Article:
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Go Behind the Scenes with Shaun Silva - Video Director to the stars.

He's been on CMT more times in the last year than Toby Keith, Kenny Chesney or Shania Twain-and doesn't even have a record deal! He's video director Shaun Silva, the man behind the clips for Rascal Flatts' "I'm Movin' On," Darryl Worley's "Have You Forgotten?"-and 10, count 'em, 10 Kenny Chesney videos. Shaun got his start acting in commercials for Dr. Pepper, Zima, Levis and Mercury, before moving behind the camera to direct the video for Kenny Rogers' 1999 single "The Greatest." If you've ever wondered what goes on behind the scenes at a video shoot, here's the lowdown from one of the most sought-after directors in Nashville. Q: What does a director do?
A: A music video director puts an image to a song, which is essentially a script. My job is to take that story and put a visual to it that doesn't take away from the song. If you put an image that takes away from the song, then you haven't done your job. Q: What are your favorite memories of working with Kenny Chesney?
A: The live stuff we do is incredible, like the video for "Live Those Songs Again." Suddenly I've got a camera strapped to my shoulder and I'm going out onstage, standing right next to him and feeling a blast of 20,000 people coming at me. It was absolutely amazing! Q: How long does the average video shoot last?
A: In country music, it's usually one day. Sometimes two days, but that has to be a much bigger budget. Kenny's [Chesney] are usually two-day shoots. We shoot his videos like I would shoot a feature film. I wish we could do that for every artist, but not everybody can afford it.

Q: How much does it cost to shoot a video?
A: An average budget is $75,000 to $80,000. If an artist has momentum, I think $100,000 should be a standard. But every label is different-one will spend more and do less videos, another will spend less and do more videos.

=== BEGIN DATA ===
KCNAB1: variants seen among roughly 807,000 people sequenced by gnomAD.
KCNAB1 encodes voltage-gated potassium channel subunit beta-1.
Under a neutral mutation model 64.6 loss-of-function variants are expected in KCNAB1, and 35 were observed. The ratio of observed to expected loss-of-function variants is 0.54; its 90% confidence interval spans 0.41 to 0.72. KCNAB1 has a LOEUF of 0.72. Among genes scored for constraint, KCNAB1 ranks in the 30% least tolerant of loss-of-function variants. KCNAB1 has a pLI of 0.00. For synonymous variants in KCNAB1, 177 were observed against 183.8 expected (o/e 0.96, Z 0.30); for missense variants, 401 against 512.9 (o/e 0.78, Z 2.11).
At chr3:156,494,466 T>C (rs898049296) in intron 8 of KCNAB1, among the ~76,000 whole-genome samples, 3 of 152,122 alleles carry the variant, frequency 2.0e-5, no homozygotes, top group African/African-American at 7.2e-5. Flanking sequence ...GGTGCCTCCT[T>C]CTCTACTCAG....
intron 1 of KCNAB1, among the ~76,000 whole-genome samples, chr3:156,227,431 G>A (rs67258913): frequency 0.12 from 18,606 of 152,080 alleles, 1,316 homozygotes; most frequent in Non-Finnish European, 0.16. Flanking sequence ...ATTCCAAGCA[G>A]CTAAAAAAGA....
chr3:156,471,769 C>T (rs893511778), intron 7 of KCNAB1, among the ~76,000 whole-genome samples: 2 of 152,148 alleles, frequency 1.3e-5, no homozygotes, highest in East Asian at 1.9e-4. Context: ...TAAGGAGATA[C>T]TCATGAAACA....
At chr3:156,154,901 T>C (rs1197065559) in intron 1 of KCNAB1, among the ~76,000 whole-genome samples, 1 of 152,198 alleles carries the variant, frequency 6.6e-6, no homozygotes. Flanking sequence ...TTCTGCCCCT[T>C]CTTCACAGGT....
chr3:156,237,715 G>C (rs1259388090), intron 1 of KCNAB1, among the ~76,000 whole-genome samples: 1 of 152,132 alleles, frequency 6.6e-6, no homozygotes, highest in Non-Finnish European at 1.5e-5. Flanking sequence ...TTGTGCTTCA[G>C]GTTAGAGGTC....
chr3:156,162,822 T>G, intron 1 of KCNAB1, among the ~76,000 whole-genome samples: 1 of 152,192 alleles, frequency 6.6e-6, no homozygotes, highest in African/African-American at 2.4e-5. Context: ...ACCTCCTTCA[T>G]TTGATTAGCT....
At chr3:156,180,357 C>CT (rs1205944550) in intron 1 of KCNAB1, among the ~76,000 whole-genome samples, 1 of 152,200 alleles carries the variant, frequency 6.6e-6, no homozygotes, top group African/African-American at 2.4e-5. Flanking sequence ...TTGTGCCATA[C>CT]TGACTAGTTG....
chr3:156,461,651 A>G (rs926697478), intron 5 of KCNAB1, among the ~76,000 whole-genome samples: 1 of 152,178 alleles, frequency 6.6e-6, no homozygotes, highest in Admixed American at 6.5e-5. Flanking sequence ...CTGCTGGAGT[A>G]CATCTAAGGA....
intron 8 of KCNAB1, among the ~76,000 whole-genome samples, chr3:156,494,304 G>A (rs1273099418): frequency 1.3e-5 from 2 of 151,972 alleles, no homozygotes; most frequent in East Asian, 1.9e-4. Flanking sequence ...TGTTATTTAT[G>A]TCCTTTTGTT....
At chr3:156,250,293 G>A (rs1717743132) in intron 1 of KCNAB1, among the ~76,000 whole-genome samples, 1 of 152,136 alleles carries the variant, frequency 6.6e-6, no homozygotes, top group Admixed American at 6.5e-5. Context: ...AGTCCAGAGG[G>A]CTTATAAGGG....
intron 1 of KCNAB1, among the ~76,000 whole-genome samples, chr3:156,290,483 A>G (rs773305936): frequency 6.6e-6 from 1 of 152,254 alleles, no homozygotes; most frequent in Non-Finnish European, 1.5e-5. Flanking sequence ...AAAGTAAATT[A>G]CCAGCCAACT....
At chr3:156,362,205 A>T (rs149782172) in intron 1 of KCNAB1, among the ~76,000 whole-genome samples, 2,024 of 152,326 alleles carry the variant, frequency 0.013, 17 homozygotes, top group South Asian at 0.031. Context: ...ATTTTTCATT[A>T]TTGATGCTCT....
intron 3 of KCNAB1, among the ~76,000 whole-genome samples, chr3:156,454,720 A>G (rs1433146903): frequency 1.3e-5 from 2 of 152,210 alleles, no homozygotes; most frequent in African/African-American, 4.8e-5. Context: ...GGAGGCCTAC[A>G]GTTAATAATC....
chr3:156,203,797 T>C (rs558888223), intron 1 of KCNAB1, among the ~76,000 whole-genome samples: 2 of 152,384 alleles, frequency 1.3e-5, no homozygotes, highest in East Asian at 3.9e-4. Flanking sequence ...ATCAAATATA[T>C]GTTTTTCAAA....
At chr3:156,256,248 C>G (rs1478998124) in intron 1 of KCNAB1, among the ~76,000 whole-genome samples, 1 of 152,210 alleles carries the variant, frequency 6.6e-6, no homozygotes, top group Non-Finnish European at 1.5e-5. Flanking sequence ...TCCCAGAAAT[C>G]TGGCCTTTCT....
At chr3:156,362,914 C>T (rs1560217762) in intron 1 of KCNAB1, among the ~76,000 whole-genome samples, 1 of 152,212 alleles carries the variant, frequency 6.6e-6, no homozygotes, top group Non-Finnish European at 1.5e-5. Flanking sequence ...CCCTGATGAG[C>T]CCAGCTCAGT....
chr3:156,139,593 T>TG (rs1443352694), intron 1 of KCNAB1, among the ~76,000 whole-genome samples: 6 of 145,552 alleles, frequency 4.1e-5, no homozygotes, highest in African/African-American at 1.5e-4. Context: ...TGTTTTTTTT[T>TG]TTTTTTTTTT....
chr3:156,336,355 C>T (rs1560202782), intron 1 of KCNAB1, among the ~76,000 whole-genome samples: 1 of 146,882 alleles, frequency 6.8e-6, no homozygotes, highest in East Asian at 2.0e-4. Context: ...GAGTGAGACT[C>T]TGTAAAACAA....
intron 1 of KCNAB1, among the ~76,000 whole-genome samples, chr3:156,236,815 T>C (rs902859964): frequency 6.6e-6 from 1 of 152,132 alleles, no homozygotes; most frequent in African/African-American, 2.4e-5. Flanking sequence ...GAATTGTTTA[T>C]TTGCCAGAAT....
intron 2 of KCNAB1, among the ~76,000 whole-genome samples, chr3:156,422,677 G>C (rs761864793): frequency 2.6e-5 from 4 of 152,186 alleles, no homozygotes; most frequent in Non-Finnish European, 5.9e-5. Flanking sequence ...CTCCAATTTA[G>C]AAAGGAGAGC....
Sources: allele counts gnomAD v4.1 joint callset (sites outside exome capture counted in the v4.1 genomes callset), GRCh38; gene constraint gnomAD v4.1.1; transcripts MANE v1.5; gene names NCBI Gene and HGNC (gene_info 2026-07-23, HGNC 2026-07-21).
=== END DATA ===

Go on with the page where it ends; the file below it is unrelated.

Q: How did you become the leading man in Terri Clark's video for "Girls Lie Too," which you also directed?
A: I thought, "If I could have anybody play this fantasy part, who would this woman be thinking about?" Two names came to my head: Brad Pitt and Johnny Depp. But I said, "There ain't a chance in the world that we're getting either of them." I'd just seen Pirates of the Caribbean, and my wife Shannon had dressed me up as that character [Capt. Jack Sparrow] for Halloween. I wouldn't want to pretend to be Johnny Depp, but I could pretend to be a character that he played. I sent a picture of me from Halloween to the label. Once Terri saw it, she said, "He has to play this part."

Q: What's the most unusual thing that's ever happened to you on a set?
A: It would have to be the helicopter crash on Kenny Chesney's "There Goes My Life" shoot [in 2003]. We were as high as a telephone pole, traveling 75 miles an hour, chasing this car that was being driven by a stuntwoman. It was myself, an aerial cinematographer and the pilot. We hit power lines and crashed. Split-second decisions made by the pilot saved our lives. But at the same time, we shouldn't have been where we were. It was a turning point in my life. It made me look at things a little differently. We should be happy for the lessons we learn in life, but that was a tough one to learn. I feel very blessed.